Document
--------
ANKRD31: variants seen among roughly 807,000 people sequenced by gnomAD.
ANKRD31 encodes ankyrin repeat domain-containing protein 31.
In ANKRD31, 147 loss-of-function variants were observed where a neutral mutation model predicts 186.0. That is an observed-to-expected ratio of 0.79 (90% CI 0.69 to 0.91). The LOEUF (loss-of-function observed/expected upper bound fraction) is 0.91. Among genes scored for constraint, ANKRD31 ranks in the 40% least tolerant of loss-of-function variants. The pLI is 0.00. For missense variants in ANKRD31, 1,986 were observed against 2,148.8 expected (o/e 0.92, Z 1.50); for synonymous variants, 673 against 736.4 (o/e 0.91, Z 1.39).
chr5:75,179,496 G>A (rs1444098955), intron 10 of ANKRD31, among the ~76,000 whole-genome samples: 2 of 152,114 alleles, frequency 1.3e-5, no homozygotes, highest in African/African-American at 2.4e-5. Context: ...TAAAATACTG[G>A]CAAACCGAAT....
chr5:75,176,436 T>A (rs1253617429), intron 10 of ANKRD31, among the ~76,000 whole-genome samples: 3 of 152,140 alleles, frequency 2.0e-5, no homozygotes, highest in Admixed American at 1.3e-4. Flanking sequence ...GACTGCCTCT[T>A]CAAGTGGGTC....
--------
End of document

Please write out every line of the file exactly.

ANKRD31: variants seen among roughly 807,000 people sequenced by gnomAD.
ANKRD31 encodes ankyrin repeat domain-containing protein 31.
In ANKRD31, 147 loss-of-function variants were observed where a neutral mutation model predicts 186.0. That is an observed-to-expected ratio of 0.79 (90% CI 0.69 to 0.91). The LOEUF (loss-of-function observed/expected upper bound fraction) is 0.91. Among genes scored for constraint, ANKRD31 ranks in the 40% least tolerant of loss-of-function variants. The pLI is 0.00. For missense variants in ANKRD31, 1,986 were observed against 2,148.8 expected (o/e 0.92, Z 1.50); for synonymous variants, 673 against 736.4 (o/e 0.91, Z 1.39).
chr5:75,179,496 G>A (rs1444098955), intron 10 of ANKRD31, among the ~76,000 whole-genome samples: 2 of 152,114 alleles, frequency 1.3e-5, no homozygotes, highest in African/African-American at 2.4e-5. Context: ...TAAAATACTG[G>A]CAAACCGAAT....
chr5:75,176,436 T>A (rs1253617429), intron 10 of ANKRD31, among the ~76,000 whole-genome samples: 3 of 152,140 alleles, frequency 2.0e-5, no homozygotes, highest in Admixed American at 1.3e-4. Flanking sequence ...GACTGCCTCT[T>A]CAAGTGGGTC....